4. Quality of deliveries
Secondary Outcomes (explanation)
1. Clarity on FDP - the extent to which the farmer is aware of the expectations [behavior expected from the farmer] and benefits [incentives are rewards available to farmers when complying with expectations] associated with the FDP.

2. Trust in CWS – the extent to which the farmer reports to trust the CWS. Trust indicators include trust in CWS, RM, CWS promises, CWS management, and CWS farmers.

3. Traceability of transactions – the share of the farmer’s coffee that is traceable as a result of the farmer using a farmer ID card during coffee cherry deliveries at the CWS.

4. Quality coffee cherries – the quality of the coffee cherries at the point of delivery at the CWS. Quality of the cherries is reflected by the quality indicated assigned and the price paid to the farmer.

Experimental Design

Experimental Design
The empirical strategy of this pilot project consists of a combination of quasi-experimental and experimental methods. We focus on the following three elements: i) the impact of the FDP, ii) the spillover effect of the FDP, and iii) the impact of relationship-building interventions.

First, we evaluate the impact of the FDP. All farmers in the catchment areas are scored at baseline based on deliveries and other observable characteristics. Our sample is split into two groups: 60% of the farmers above the corresponding threshold within their zones (FDP treatment), and the remaining 40% of farmers scoring below the threshold (FDP control). To overcome potential self-selection bias, we exploit the fact that all farmers were scored against pre-determined criteria and were not able to ex-ante manipulate scores to participate in the FDP. By focusing on those farmers just above and below the threshold, we can use a regression discontinuity design (RDD) framework to causally identify the FDP impacts.

Second, we randomized 32 zones in our sample frame into two groups. The first group includes 16 zones with 80% invited farmers (high-intensity zones), and the second group covers 16 zones with 40% invited farmers to the FDP (low-intensity zones). Focusing on the bottom 20% of the farmers in terms of farmer score, this empirical design permits to measure the spillover effects by controlling for the intensity of invited farmers (40% or 80%) within each zone.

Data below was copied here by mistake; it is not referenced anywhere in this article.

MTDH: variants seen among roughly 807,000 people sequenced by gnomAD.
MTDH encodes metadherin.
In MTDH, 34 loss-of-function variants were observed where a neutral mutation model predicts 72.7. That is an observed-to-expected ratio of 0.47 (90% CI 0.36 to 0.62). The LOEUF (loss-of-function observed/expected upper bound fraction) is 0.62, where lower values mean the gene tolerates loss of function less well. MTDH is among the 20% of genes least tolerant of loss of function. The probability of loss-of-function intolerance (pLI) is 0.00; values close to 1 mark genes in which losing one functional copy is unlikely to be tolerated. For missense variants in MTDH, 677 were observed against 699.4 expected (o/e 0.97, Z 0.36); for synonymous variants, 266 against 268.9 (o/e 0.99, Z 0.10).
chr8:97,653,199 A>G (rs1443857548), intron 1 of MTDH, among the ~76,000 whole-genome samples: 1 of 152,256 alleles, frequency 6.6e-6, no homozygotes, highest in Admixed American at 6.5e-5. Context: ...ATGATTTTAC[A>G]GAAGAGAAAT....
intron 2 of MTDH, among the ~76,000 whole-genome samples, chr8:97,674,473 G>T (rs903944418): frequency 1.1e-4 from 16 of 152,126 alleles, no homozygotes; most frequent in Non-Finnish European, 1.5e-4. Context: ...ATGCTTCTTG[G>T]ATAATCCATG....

Third, we evaluate the impact of two organizational relationship-building interventions using experimental methods. We assess whether having a designated “fixed” relationship manager and whether communication by a familiar versus unfamiliar individual affects the main outcomes.
Experimental Design Details
Not available
Randomization Method
Randomization done in office by a computer using software STATA.
Randomization Unit
* Stage 1: FDP Farmer Selection *
STRATA: CWS x Zone x Gender

* Stage 2: RDD farmer selection *
STRATA: CWS x Farmer score

* Stage 3: Relationship Building Intervention *
a. Relationship manager intervention
STRATA: CWS x Zone x Gender

b. Communication Intervention
STRATA: RM Treatment x Zone x Session
Was the treatment clustered?
Yes

Experiment Characteristics

Sample size: planned number of clusters
* Stage 1: FDP Farmer Selection *
- 32 zones across 4 CWS

* Stage 2: RDD farmer Selection *

* Stage 3: Relationship-building intervention *
- 285 session groups in 32 zones across 4 CWS, each group consists of 10 farmers
Sample size: planned number of observations
Stage 1: FDP Sample size ~ 4900 farmers * Stage 2: RDD farmer Selection * * Stage 3: Relationship-building intervention * Sample size ~2960 farmers
Sample size (or number of clusters) by treatment arms
** Stage 1: FDP Farmer Selection **
* a. FDP RCT
- FDP treatment ~ 2960 farmers
- FDP control ~ 1940 farmers

* b. FDP Intensity
- Low intensity zone ~ 2450 farmers [16 zones]
- High intensity zone ~ 2450 farmers [16 zones]

** Stage 2: RDD farmer Selection **

** Stage 3: Relationship-building intervention **
* a. Relationship Manager Intervention
- Fixed RM ~ 990 farmers [95 groups]
- Placebo RM ~ 990 farmers [95 groups]
- Control RM ~ 980 farmers [95 groups]

* b. Communication Intervention ----
- SMS ~ 724 farmers
- Fixed RM call ~ 743 farmers
- Placebo RM call ~ 741 farmers
- Call center call ~ 751 farmers
Minimum detectable effect size for main outcomes (accounting for sample design and clustering)
Unit: Individual farmer Strata: CWS x zone X gender DV: Transaction volume. (average volume delivered in 2020 and 2021) Mean: 550.06694 SD: 1124.5861 Rho: 0.01979559 MDE: 28% Please note that delivery volume is a long-term outcome.
IRB

Institutional Review Boards (IRBs)

IRB Name
London School of Economics
IRB Approval Date
2022-02-01
IRB Approval Number
53335